Defendants argue that because Plaintiff allegedly omitted any reference to his disability on his employment application he is barred from recovery. This argument has no merit. The only relevant question on the application simply asked whether applicant had any physical limitations that precluded him from performing any work for which he was being considered. Plaintiff checked the box marked "No". The Court is not persuaded that this was answer was false. The question inquired as to physical limitations, not mental ones. Plaintiff states that his primary disability results from a mental impairment. Moreover, Plaintiff alleges that he could perform the essential tasks of the jobs to which he was assigned, general floor helper and corner cutter. He argues only that his disability precluded him from performing tasks unrelated to these positions. The Court cannot find as a matter of law that Plaintiff supplied untruthful answers on his employment application barring recovery.


For the reasons stated above, the Court finds that material issues of fact are disputed, precluding summary judgment. Accordingly, Defendants' motion is DENIED in its entirety. An appropriate Order is attached.


[1] Plaintiff was taking the drugs Prozac and Zestril.

[2] A "qualified individual with a disability" is "an individual with a disability who, with or without reasonable accommodation, can perform the essential functions of the employment position that such individual holds or desires." 42 U.S.C. § 12111(8). Defendants do not in this motion dispute that Plaintiff was qualified for his position.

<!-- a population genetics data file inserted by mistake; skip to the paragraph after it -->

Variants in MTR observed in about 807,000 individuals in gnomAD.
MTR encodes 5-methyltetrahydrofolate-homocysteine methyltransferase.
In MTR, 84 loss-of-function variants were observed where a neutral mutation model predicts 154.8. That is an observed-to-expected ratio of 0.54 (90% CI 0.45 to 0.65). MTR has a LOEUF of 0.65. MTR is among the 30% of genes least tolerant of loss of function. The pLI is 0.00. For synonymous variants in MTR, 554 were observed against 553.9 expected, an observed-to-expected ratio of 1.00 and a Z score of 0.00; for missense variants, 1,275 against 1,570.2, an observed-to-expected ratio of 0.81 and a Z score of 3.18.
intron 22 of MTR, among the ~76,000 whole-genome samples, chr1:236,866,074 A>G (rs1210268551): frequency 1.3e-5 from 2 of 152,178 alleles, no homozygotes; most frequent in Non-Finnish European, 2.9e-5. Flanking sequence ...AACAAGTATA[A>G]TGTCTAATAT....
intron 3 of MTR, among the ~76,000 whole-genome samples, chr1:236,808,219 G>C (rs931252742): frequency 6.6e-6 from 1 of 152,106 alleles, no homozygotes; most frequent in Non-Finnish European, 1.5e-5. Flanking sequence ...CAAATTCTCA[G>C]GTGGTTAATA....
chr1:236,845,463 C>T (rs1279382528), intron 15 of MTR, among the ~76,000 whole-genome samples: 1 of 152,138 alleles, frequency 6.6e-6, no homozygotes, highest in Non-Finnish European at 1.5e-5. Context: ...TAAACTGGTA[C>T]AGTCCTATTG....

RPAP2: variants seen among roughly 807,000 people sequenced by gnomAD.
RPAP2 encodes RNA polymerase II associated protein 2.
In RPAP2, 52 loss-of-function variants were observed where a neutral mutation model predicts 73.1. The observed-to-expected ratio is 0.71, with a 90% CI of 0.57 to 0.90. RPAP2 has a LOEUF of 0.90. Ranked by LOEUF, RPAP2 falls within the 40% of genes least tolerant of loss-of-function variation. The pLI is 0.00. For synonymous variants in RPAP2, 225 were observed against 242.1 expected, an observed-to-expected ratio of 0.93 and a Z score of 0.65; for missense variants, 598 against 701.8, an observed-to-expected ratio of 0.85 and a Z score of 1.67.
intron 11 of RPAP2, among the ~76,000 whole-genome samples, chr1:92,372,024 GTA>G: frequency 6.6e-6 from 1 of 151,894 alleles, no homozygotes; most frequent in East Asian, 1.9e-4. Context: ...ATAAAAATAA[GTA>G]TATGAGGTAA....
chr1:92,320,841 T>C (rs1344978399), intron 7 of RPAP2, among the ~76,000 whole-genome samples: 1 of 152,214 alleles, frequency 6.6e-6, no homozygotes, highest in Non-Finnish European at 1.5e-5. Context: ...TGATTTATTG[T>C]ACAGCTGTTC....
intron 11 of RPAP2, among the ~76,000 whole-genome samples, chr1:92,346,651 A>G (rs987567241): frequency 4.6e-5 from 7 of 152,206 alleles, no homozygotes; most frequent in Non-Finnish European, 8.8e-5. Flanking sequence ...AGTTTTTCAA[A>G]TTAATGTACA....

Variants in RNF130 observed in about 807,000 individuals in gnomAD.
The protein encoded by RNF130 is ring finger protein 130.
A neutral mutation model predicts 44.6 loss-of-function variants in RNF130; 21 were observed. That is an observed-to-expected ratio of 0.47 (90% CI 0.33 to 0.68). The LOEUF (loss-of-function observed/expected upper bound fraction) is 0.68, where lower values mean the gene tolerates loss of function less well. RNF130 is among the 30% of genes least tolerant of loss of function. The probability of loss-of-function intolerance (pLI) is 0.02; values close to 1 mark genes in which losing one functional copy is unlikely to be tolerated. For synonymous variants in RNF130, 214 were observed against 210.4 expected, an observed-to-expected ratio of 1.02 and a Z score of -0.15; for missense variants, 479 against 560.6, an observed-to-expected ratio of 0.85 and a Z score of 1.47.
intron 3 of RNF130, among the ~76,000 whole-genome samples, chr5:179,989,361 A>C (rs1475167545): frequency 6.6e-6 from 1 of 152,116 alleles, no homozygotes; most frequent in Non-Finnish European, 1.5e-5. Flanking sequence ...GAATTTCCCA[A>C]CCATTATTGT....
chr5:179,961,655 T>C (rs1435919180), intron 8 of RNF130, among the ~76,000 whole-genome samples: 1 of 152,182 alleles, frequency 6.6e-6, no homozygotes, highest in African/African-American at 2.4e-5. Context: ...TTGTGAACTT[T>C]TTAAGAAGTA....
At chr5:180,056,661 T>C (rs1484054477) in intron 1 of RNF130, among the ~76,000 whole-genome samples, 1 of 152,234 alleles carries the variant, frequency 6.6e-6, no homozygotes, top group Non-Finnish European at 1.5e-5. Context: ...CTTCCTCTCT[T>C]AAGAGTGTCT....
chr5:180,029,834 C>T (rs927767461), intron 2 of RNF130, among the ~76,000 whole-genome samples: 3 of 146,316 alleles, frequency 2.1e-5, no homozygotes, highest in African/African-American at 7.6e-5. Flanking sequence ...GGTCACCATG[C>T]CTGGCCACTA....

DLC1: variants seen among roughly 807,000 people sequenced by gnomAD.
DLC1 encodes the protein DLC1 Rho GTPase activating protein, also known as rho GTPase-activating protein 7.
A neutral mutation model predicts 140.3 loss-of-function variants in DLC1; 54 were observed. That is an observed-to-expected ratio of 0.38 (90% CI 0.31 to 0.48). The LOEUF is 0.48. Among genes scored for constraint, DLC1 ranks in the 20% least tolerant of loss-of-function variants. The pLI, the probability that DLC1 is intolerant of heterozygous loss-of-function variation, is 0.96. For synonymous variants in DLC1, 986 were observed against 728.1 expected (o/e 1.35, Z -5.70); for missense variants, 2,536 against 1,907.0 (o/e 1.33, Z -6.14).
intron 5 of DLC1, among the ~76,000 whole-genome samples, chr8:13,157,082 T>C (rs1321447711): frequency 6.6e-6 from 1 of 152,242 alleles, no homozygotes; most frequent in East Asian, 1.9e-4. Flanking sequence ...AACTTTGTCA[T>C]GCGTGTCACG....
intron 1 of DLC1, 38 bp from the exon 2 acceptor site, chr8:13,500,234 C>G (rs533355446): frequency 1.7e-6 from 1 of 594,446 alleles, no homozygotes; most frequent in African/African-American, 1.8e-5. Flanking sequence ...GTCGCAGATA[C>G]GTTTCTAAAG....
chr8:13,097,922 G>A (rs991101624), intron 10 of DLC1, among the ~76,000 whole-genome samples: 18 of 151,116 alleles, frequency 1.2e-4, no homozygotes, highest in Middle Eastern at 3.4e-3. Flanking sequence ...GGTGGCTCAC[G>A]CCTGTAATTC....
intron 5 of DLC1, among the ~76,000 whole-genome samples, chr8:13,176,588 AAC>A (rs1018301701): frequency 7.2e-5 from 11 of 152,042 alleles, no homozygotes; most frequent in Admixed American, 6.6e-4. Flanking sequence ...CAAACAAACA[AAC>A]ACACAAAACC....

[3] The term "substantially limits" means "unable to perform a major life activity" or significantly restricted as to the condition, manner or duration under which an individual can perform a particular major life activity. 29 C.F.R. 1630.2(j).

[4] Defendants also argue that Plaintiff does not fall within Category (2) or (3). With respect to Category (2), Plaintiff claims he had a prior history of alcoholism of which Defendant was allegedly aware. Category (2) is satisfied if a record relied upon by an employer shows that the individual has a substantially limiting impairment. 29 C.F.R. 1630.2(k). This issue involves the inherently factual question of whether the employer had particular knowledge. Plaintiff has presented sufficient evidence on this point in the form of deposition testimony and doctor appointment forms to withstand a motion for summary judgment.

With respect to Category (3), Plaintiff does not even allege that he falls within its definition.